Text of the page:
In this sense heroes exist, are few, and need and deserve our applause, whether these people are scientists, or mothers at home…

  3. But in modern times, the notion of the hero has – popularly – become the kind of symbol that horrified a scientist like Tyndall: “they afford peaceful lodging to the intellect for a time, but they also circumscribe it, and by-and-by, wen the mind has grown too large for its own lodging, it often finds difficulty in breaking down the walls of what has become its prison instead of its home”.
    I have a score of books on my shelves that are not primarily about science (for example, they are about archaeology, or philosophy), which perpetuate a deified myth of scientists like Newton, Copernicus, Descartes as a shorthand to define the “scientific revolution”. I myself am to blame for such shorthands. But when I think of it, when I started to think of it, I realised that the “scientific revolution” was also a myth, resting on the shoulders of misinterpreted signs. I don’t know that the dictionary saves one from such myths: it increases the stakes of how one is discussing such topics.

  4. If the object of your game is to understand the history of the sciences, hero worship is always a distraction and usually an error. On the other hand, if your focus is on how people imagine science, the banal themes of the standard narratives—heroism, crisis, godlike insight, struggle against obscurantism, etc.—become the subject and not the distraction. A case of vases and faces. One of the first philosophers of science I ever encountered was Gaston Bachelard, who began his career understanding the history of science as a struggle against beguiling fantasies but eventually got beguiled into studying the fantasies themselves.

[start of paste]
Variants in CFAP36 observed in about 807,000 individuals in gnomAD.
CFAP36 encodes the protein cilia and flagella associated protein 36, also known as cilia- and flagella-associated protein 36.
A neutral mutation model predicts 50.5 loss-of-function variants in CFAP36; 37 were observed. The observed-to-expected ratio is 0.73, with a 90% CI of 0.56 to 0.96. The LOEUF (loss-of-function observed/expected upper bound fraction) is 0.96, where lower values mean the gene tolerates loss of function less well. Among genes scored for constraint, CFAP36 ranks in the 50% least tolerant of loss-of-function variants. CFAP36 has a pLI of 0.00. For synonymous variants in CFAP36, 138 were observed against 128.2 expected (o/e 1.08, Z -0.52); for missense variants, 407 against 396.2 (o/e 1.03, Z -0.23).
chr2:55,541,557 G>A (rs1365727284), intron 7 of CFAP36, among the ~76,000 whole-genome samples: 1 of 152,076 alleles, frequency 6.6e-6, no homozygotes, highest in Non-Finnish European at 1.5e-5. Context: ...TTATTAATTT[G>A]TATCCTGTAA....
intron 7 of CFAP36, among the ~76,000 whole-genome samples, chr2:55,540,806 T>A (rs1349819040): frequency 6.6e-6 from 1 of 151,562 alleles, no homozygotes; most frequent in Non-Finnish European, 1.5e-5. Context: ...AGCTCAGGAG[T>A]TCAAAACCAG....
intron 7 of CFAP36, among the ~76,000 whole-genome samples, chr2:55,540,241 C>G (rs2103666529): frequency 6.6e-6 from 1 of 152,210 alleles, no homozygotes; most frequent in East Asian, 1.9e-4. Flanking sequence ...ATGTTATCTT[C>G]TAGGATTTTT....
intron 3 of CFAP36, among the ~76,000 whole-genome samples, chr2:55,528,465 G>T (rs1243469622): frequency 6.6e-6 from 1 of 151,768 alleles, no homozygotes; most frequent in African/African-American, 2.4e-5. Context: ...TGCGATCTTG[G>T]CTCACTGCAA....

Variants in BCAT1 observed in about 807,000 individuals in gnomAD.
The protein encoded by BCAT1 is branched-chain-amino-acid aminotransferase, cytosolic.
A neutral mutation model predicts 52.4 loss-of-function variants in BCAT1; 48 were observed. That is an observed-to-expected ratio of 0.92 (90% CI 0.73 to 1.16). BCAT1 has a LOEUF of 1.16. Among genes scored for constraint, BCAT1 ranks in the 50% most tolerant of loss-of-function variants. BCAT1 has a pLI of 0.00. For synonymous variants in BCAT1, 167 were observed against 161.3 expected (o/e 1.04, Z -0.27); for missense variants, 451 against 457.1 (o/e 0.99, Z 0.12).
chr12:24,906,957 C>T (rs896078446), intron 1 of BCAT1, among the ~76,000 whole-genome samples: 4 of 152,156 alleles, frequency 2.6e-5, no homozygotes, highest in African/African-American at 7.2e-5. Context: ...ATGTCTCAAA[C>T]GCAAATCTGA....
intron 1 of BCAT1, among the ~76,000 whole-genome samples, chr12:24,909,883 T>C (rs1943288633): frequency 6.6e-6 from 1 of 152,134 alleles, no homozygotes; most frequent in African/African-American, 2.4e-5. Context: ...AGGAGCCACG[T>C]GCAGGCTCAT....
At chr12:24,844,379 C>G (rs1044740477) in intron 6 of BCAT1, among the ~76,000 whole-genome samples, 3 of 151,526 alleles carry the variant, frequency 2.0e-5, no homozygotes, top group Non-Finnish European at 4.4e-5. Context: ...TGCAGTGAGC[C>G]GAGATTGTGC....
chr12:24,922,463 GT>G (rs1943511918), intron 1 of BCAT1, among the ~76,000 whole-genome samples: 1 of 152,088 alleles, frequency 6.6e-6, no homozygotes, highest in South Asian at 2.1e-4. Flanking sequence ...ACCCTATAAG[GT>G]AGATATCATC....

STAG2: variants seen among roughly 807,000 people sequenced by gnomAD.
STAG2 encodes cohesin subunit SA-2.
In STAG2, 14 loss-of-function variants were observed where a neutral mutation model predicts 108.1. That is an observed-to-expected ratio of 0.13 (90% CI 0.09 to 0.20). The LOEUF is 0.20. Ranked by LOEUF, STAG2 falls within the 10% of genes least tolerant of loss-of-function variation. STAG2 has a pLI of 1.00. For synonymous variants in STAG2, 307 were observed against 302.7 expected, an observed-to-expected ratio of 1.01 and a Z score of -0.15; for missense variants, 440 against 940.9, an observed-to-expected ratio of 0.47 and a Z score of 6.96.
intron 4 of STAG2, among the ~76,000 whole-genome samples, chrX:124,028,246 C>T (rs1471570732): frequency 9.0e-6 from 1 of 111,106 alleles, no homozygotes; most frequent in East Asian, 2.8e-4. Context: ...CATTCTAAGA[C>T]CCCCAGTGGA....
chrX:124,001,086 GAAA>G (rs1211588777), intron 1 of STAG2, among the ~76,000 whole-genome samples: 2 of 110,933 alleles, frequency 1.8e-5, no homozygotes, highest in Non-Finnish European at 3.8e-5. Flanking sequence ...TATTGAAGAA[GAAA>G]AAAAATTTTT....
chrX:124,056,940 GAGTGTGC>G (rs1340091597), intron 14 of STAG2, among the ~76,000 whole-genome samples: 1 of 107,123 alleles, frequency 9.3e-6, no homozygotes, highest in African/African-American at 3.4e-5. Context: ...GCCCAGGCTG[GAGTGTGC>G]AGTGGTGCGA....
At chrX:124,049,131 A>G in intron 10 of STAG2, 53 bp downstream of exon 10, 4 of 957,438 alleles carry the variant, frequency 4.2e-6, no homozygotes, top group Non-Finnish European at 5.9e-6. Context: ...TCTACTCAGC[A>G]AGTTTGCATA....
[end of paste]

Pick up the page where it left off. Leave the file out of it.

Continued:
I guess one could dismiss the folk version of scientific history as an affair of the people, but anybody who reads the comment threads over at Pharyngula knows that the historical mythology of science is extremely popular with the scientific laity. In fact, the Whig theory of scientific history is an integral part of their commonsense, enshrined in the narrative paragraphs of countless textbooks. It’s as much a part of the self-understanding of many scientists as the Manichean struggle of science and theology. Whether you think scientific hero worship is absurd as history, it obviously serves a purpose over and beyond selling pop science books.

    Bachelard thought that the fantasies that surrounded early thinking about matter were crucial to motivating research, a fact that can be forgotten since, ironically, the results of the research eventually dispelled the fantasies. Things have changed; but scientific work still requires motivation. If you bracket the romance of the thing and just look at the scientist at the lab bench, the hour by hour labors of scientist are, for the most part, taken up with what looks a lot like financial accounting. Absent the dream, science is extremely boring, which is why realistic novels about science or so rare. Of course there are subtler and cruder ways of romanticizing science, and imagining yourself as another Newton is not the only or necessarily the most effective one. Still, the motivational structure of the sciences in the real world institutionalizes the hero idea in a basic way by making priority an absolutely fundamental criterion of accomplishment. The centrality of the individual, or at least the name of the individual, is built in, if not to science, at least to SCIENCE—I mean the journal and its standard operating procedures.

    I’ve been thinking about all this for several decades and have come to the conclusion that the deepest illusion of the scientists is that science is something that individual scientists do and scientific knowledge is something that individual scientists can possess. In this regard, they share an illusion with the philosophers, who also dream that the universe can come to consciousness in their singular mind. Of course, to adopt a rather Buddhist way of talking about things, the illusion in question is not a mere figment. It has citizen’s rights, at least in the world name and form. Individuals do all the work and all the thinking—there isn’t any hive mind at work—but whatever truth emerges from private insight either becomes part of the social structure of the sciences or evaporates into nothingness. The situation is rather like what happens in our biology. In every generation, human life must revert to a unicellular, indeed haploid, form. Fortunately, it is not necessary to convince the ovum or spermatazoon of its heroic dignity. On the other hand, promoting the vanity of the individual scientist may be a good thing.